CEXs are often regulated and have significant know-your-customer procedures built-in. Simultaneously, centralized exchanges vigorously pursue fraudsters in accordance with current regulations designed to combat money laundering.
Beginners, in particular, use this sort of exchange because the centralized structure enables a user-friendly platform that simplifies the process of purchasing and managing digital currency.
Orders and transactions are typically far larger in volume than on DEX. This is also because network nodes do not require real-time updates.
As a result, trade occurs at a breakneck pace. However, because of the platform’s simplicity, the private keys to the integrated wallets must remain on the exchange. Thus, access to crypto-assets is intrinsically linked to the user’s credentials.
If a fraudster obtains access to the credentials via phishing or a hack, they will have direct access to the crypto assets stored on the device.
A CEX is operated by a for-profit business. To ensure a positive user experience, these businesses frequently offer a broad range of support services. Additionally, they enable the purchase of cryptocurrencies using fiat cash and typically offer a diverse choice of trading pairs.
Centralized exchanges charge predetermined costs for trading. A crypto exchange, conceptually, operates similarly to any other exchange. Supply and demand are regulated by a matchmaking algorithm and the order book stores user orders.
Decentralized Exchanges – DEX
Additionally, a decentralized exchange performs the essential operations of a CEX. They consist of order books (or an Automated Market Maker (AMM)), a trading venue, a matching system, and security features.
The distinction between decentralized exchanges and centralized exchanges is that all of these functions are decentralized. To do this, a DEX does not utilize internal servers or its own IT infrastructure, but rather operates as a decentralized application (dApp) on a blockchain.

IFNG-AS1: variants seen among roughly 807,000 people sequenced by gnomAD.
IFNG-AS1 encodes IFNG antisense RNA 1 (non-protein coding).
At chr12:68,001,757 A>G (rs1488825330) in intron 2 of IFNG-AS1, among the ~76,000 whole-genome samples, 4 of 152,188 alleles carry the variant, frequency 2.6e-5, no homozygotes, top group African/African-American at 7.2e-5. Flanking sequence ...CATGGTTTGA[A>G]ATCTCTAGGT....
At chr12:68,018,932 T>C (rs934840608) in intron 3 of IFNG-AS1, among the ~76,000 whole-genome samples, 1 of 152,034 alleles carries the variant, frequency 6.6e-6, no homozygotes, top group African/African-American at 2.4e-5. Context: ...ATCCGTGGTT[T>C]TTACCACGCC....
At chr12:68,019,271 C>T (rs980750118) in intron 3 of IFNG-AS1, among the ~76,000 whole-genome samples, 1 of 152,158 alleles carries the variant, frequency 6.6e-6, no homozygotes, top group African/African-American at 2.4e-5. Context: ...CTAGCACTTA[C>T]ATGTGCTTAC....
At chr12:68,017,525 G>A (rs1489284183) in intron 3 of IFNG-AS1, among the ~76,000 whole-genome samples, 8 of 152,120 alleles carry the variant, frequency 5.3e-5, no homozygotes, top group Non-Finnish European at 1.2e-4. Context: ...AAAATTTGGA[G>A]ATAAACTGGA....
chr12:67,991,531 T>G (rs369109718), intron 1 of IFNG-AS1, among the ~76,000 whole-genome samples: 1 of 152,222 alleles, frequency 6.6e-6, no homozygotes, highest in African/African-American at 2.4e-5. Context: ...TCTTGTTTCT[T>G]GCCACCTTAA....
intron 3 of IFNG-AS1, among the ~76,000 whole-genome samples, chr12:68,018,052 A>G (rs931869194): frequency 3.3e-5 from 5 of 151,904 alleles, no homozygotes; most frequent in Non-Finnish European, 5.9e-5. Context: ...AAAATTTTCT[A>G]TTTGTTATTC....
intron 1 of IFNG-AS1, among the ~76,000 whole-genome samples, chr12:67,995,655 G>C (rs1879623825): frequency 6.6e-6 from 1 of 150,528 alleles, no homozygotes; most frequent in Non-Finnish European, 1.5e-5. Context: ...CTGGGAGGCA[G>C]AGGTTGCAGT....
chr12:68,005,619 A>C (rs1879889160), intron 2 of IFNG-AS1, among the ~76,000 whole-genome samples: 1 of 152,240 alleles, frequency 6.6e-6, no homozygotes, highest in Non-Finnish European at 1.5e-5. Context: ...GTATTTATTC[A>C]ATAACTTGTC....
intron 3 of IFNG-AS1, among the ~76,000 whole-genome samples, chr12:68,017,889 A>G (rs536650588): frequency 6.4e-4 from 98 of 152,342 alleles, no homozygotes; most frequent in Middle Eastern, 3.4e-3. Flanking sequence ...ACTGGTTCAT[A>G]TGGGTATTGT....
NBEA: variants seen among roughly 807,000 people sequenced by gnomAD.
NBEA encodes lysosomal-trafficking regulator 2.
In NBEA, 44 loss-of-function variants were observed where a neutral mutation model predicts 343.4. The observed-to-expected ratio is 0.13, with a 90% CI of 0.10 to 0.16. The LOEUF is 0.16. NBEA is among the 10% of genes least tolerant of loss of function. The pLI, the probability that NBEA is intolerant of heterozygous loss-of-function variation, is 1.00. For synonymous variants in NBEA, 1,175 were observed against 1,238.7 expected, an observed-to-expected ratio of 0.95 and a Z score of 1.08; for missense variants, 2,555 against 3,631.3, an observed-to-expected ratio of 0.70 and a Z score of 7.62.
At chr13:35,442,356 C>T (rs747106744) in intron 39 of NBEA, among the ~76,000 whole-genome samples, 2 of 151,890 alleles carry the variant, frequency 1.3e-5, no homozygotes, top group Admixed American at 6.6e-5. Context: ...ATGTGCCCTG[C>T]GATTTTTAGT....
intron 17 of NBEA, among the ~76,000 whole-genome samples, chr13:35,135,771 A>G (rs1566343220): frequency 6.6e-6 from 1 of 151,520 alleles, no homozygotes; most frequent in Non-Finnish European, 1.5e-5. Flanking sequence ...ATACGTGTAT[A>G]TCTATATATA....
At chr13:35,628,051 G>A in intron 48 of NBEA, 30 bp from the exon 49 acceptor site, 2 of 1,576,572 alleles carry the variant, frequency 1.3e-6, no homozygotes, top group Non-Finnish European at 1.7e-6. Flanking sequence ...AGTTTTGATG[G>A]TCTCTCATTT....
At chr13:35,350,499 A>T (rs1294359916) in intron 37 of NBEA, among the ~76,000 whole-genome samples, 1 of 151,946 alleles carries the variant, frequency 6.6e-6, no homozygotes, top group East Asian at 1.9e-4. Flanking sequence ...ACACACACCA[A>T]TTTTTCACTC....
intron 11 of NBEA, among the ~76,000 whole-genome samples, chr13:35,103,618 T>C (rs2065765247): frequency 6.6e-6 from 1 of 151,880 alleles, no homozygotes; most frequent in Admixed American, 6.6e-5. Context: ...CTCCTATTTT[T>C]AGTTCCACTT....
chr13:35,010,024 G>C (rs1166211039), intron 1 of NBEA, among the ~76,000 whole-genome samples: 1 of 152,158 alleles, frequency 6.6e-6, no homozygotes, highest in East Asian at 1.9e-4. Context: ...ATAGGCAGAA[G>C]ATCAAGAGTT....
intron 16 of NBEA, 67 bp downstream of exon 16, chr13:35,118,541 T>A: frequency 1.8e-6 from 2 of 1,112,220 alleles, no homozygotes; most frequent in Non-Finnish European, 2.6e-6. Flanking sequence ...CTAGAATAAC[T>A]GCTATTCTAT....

It is critical to distinguish between two types of decentralized exchanges in this context: currency-oriented DEXs and currency-neutral DEXs.
The former is frequently built on the Ethereum platform and utilizes Ether (ETH) as the primary medium of exchange. Additionally, other blockchains are feasible as an infrastructure foundation, but Ethereum commands by far the largest market share in this space.
As a result, the latter are not ecosystem-specific and are not reliant on the transfer currency. Atomic swaps enable the rapid exchange of coins that are distributed over multiple blockchains. The trade is governed by smart contracts, in which each party deposits the assets to be exchanged.
Users of decentralized exchanges like Uniswap, Bisq, or GDEX do so primarily for two reasons: anonymity and high security. DEX are anonymous since trading requires almost no user data.
Often, users are required to have simply a public address in order to trade on a decentralized exchange. As a decentralized program, there are no external parties (authorities or financial regulators) monitoring or regulating the exchange. Additionally, its success is due to its high level of security.